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Old 06-25-2021, 09:52 AM   #1
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Insurance Alternatives

No, not the usual lament. I was thinking.... yes I know, dangerous.

There are health expense coops, more often than not run by churches. Groups of basically self insured people. All put money in the pool, and it's not a lot compared to commercial health insurance. You pay for the little stuff. Doctors visits, minor meds etc etc. But if you end up in the hospital for 200K they pay the bill.

I am sure there are actuary types on this forum. Could we have coops of boat owners that self insure? Not for the little stuff, say $10,000 deductible. But agreed values for liability and catastrophic loss, with serious requirements for storm prep etc etc. And if the wrong storm hits at the wrong time and the fund gets wiped out it pays pro rated on the insured values and dissolves........

Not perfect but better than nothing......
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Old 06-25-2021, 10:03 AM   #2
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You can always self insure. That simply means that you assume all the risk.

many/most Large businesses do it with their medical care. They do not buy a policy for their employees they hire a servicing company to do the claims work and they write a check each month for the valid claims.

As far as boat insurance it might be a good idea to look at the actual percentage of profits made by insurance companies before you consider a relatively small pool approach.

Then consider yopur actual risk in your location Vs the nationwide risk assumed by a regular insurance carrier. Is your area subject to destructive level storms for example.

Then if it works out in your favor simply buy a surety bond for the liability you need to demonstrate the ability to cover and you are golden.
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Old 06-25-2021, 10:16 AM   #3
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No, not the usual lament. I was thinking.... yes I know, dangerous.

There are health expense coops, more often than not run by churches. Groups of basically self insured people. All put money in the pool, and it's not a lot compared to commercial health insurance. You pay for the little stuff. Doctors visits, minor meds etc etc. But if you end up in the hospital for 200K they pay the bill.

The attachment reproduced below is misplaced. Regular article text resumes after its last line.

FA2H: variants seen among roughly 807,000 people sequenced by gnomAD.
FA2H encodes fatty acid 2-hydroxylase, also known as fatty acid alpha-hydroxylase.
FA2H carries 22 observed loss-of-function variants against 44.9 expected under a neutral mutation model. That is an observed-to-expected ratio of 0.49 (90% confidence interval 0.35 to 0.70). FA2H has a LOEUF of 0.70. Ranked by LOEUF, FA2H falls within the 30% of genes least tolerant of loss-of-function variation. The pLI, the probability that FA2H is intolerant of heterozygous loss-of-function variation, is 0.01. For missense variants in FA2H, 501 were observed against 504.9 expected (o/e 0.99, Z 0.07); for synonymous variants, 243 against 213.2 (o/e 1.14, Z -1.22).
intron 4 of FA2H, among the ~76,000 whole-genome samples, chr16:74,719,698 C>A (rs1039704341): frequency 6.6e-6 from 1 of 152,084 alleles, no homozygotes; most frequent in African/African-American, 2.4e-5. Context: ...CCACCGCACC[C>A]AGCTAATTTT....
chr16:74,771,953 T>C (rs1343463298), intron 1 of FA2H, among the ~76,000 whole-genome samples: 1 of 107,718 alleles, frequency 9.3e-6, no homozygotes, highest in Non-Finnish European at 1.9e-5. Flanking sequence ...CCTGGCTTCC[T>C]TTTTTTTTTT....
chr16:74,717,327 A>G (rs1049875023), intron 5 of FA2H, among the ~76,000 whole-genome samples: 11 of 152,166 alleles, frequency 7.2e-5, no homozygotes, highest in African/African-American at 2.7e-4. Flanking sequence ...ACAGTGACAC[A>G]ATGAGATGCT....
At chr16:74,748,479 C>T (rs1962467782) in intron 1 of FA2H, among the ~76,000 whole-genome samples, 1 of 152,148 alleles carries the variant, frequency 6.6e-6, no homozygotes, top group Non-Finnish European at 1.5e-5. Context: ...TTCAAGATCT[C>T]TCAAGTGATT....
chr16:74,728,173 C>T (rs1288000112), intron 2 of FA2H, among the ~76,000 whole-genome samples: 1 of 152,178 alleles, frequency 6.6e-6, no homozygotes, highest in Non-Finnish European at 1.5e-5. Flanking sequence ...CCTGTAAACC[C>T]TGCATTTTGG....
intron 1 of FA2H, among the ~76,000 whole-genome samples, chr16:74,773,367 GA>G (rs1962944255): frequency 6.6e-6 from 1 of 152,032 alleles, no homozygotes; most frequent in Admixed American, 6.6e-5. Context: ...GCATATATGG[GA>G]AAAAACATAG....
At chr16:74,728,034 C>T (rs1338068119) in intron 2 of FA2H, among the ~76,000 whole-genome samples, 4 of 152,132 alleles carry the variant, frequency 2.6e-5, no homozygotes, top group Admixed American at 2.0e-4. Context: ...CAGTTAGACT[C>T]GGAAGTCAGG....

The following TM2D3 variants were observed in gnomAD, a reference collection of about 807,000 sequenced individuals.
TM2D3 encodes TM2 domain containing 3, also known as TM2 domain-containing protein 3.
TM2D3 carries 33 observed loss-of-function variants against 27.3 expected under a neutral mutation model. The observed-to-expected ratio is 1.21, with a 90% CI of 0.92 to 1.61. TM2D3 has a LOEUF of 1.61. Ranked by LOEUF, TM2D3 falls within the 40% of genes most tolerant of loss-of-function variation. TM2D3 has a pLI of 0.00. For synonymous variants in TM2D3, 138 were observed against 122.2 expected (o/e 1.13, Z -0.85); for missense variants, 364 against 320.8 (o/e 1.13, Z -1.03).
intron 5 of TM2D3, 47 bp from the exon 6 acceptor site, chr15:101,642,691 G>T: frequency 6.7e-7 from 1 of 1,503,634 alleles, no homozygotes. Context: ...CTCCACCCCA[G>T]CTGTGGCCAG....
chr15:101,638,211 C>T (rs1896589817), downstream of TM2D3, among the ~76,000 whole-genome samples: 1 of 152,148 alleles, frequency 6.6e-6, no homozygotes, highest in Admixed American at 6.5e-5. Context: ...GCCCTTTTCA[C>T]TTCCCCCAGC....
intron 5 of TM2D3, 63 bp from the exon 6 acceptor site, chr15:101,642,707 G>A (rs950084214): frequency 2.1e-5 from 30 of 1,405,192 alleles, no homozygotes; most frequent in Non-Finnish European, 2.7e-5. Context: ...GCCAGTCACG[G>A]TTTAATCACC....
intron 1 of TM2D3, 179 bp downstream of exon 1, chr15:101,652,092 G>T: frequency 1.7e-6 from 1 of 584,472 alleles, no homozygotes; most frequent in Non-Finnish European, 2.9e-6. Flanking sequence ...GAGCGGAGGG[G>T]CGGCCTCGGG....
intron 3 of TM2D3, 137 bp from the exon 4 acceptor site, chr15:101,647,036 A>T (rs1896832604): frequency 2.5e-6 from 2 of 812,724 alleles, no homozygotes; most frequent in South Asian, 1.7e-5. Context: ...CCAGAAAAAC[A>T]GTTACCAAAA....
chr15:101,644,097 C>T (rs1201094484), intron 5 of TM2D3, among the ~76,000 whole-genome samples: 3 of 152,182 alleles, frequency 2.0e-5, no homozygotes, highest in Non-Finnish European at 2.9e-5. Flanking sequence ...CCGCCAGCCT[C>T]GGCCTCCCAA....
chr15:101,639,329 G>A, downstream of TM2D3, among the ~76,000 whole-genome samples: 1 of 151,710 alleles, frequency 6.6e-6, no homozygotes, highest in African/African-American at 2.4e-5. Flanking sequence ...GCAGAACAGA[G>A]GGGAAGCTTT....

I am sure there are actuary types on this forum. Could we have coops of boat owners that self insure? Not for the little stuff, say $10,000 deductible. But agreed values for liability and catastrophic loss, with serious requirements for storm prep etc etc. And if the wrong storm hits at the wrong time and the fund gets wiped out it pays pro rated on the insured values and dissolves........

Not perfect but better than nothing......
Yes you could. Among the problems: Insufficient members of the pool in early years for an actuarial loss forecast to be of much use; Refusal of Lenders to accept pool coverage in lieu of coverage with a rated insurer; similar refusal from Marinas to accept pool coverage in lieu of a rated insurer.

For the pool to work at all it would have to be significantly cheaper than commercial insurance AND produce enough income to pay the claims.

The problem is that Commercial yacht insurance in general is not particularly profitable. The insurers operate at a combined ratio of around 100% (+/- 10%). Meaning that expenses of claims, operating expenses, salaries etc constitute approximately 100% of income from premium. Insurers have to keep the majority of their cash in liquid form. The income from that stash provides the profit in the business. As we all know interest rates for short term investments are essentially 0% which is one reason why insurance premiums have been escalating in the past 2-3 years.

Most successful pools (am thinking here principally about MedMal pools put together by Medical professionals for their medical malpractice liability) start out buying reinsurance commercially for 90% or more of their exposure. They retain 10% of the risk, and 10% of the premium and over the years if they are successful they are able build capital and therefore reduce the reinsurance purchase percentage and retain more of the premium.

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Old 06-25-2021, 10:19 AM   #4
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Liability insurance isn't really that expensive, which is basically what you're talking about.